GALLAGHER: The Union War (2011)

Posted: 9/28/2011
Reviewed By: Nicole Etcheson

The Union War by Gary W. Gallagher. Cambridge: Harvard University Press, 2011. Cloth, ISBN: 0674045620. $27.95.

Ken Burns’s Civil War series made famous Rhode Island soldier Elisha Hunt Rhodes’s phrase, “All for the Union.” Gary W. Gallagher agrees with Rhodes and  emphasizes that, for northerners, the war was one for Union. Although he welcomes the flood of literature that has emphasized the importance of race, slavery, and emancipation to the Civil War, Gallagher believes that this focus has somewhat obscured what ultimately mattered most to white northerners: preservation of the Union. The movie Glory also created a popular view of the war primarily as a crusade by the North to end slavery. Although Lincoln spoke of a “new nation,” Gallagher believes in continuity. Therein, pre-war ideals of Union, he offers, informed northerners’ willingness to go to war, how they conducted the war, and the nation they saved from division.

Gallagher opens with the Grand Review, the two-day parade of Union armies in Washington, D.C. in May 1865. While other authors have noted the absence of black troops from the review, Gallagher defends this as the result of circumstance rather than deliberate malice. Those forces that happened to be available for parade did not include black units. The parade featured regiments that were being demobilized. Black units had been formed later in the war, consequently they had longer to serve and were being stationed in places such as Texas once the war ended. That black troops participated in Lincoln’s second inaugural and in his funeral procession counters the assertion that they were being kept deliberately in the background.

As this first chapter makes clear, Gallagher does not avoid race. In his discussion of slavery’s end, however, he wishes to remind readers that emancipation was not proposed so much as a good in itself, but rather as a tool to preserve the Union. Emancipation removed the “irritant” that had brought on war and ensured that the Union would no longer be troubled with sectional division over slavery (77). Emancipation also punished slave owners for causing the war. And by 1863, many northerners and Union soldiers were prepared to accept Lincoln’s argument of “military necessity,” that without black troops and African American support of the war effort, the Union would not prevail. Advocates of Emancipation were able to persuade the North to accept abolition by insisting that only ending slavery could deter future threats to the Union.

In addition to familiar primary sources such as quotations from Abraham Lincoln, Gallagher examines less studied ones: popular songs, the envelopes in which soldiers and civilians enclosed their correspondence, and regimental histories. In each, he finds an emphasis on Union. Gallagher does not find in the regimental histories that evolution toward acceptance of black equality that historians have asserted occurred. But that the Union soldiers were racist did not mean they did not become tools for Emancipation. Ira Berlin and James M. McPherson debated “who freed the slaves?” Berlin asserted that slaves self-emancipated by running away while McPherson defended Lincoln’s traditional role as the emancipator. Gallagher’s answer is that the Union army was the true great emancipator. Only the Union army made either the slaves’ or Lincoln’s course possible. Slaves ran away because they found a refuge among Union soldiers. And no presidential proclamation would have had any effect without the presence of the Union army.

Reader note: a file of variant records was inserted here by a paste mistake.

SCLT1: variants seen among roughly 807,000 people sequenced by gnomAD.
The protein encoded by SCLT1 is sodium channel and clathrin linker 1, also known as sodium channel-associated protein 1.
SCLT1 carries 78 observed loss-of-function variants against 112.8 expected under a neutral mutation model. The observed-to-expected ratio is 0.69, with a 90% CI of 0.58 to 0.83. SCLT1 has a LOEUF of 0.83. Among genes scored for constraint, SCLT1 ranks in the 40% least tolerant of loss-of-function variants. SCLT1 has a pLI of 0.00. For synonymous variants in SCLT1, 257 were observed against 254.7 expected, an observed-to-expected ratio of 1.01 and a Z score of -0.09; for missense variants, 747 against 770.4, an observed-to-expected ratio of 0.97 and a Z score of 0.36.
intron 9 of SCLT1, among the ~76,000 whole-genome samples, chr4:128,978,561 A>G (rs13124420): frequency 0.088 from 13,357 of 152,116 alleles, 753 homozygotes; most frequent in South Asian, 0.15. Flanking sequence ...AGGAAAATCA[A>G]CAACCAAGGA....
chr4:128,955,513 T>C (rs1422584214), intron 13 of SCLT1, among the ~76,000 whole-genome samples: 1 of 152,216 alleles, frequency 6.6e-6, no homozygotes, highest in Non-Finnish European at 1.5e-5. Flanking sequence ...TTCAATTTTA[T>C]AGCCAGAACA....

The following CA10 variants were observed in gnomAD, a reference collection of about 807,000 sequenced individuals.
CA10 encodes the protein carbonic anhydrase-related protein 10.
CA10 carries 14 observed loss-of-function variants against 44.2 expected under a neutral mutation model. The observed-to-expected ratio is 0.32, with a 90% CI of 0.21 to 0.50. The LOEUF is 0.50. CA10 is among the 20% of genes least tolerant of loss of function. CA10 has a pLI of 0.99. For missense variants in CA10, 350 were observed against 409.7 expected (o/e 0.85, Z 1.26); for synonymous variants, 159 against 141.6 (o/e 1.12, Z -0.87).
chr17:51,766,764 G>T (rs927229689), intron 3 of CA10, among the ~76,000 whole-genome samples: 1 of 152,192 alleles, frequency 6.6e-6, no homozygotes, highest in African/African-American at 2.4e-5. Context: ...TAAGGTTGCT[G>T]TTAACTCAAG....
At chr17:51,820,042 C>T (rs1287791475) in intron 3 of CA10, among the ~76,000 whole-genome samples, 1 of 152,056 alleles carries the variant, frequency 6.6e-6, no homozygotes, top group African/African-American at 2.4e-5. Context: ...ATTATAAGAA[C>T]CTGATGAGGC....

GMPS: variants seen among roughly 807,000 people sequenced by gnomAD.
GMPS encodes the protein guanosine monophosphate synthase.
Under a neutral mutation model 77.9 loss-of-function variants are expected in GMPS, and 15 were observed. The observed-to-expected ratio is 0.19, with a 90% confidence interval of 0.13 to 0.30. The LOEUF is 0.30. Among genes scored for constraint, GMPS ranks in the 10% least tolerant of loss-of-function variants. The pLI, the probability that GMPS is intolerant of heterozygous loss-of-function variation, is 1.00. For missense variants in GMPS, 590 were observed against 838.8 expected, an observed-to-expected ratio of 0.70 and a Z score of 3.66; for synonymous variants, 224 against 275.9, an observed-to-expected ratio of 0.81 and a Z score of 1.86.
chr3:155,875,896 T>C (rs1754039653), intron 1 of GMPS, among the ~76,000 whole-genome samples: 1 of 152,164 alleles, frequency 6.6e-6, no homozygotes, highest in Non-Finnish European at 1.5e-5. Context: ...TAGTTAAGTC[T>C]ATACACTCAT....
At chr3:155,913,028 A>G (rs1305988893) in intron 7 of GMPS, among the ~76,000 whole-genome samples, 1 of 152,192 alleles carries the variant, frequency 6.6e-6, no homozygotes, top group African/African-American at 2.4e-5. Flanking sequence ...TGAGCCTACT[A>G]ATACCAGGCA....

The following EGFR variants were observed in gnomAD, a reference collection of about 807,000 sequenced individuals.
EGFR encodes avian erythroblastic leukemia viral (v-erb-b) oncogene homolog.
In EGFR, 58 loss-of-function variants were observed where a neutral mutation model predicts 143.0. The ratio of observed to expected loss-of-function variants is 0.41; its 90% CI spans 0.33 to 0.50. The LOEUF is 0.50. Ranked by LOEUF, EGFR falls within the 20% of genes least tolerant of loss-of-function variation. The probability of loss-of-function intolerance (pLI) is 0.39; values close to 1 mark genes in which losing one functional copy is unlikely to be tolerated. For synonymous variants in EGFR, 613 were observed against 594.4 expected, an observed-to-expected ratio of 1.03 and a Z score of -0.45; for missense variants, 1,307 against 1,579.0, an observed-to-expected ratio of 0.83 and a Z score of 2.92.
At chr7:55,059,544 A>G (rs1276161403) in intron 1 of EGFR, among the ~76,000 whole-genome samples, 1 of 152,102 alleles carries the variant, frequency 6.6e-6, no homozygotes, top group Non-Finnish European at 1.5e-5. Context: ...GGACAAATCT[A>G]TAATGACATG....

Reconciliation, Gallagher suggests in his conclusion, was also based on Union. In the post-war period, northerners required southerners to abjure secession. But, never having been as wed to black equality as to Union, northerners allowed African Americans’ hard-won civil and political rights to erode while accepting the martial heroism of former Confederates as equal to that of Union soldiers. As long as white southerners did not trouble the Union’s peace, they might maintain white supremacy and nullify the rights African Americans had gained without encountering much northern opposition.

The volume is lavishly illustrated with several pages of pictures after each chapter. Gallagher also spends considerable time on historiography in each chapter, unusual for a book that will probably appeal to a popular as well as a scholarly audience. Gallagher takes exception with such well-known Civil War historians as Eric Foner and Chandra Manning. Foner’s emphasis on the importance of Lincoln’s “new birth of freedom” and Chandra Manning’s recent work arguing for the development of antislavery sentiment among Union troops both propose an evolution of northern attitudes over the course of the war. While Gallagher does not deny all change, he does insist that attachment to Union superseded other values and that changes in racial attitudes were much shallower than Foner or Manning contend.
 
Gallagher’s work is well written. Much of what he covers will be familiar to students of the war, but they will nonetheless draw new and interesting insights from this thought-provoking book.
 

Nicole Etcheson is the Alexander M. Bracken Professor of History at Ball State University.
 

 

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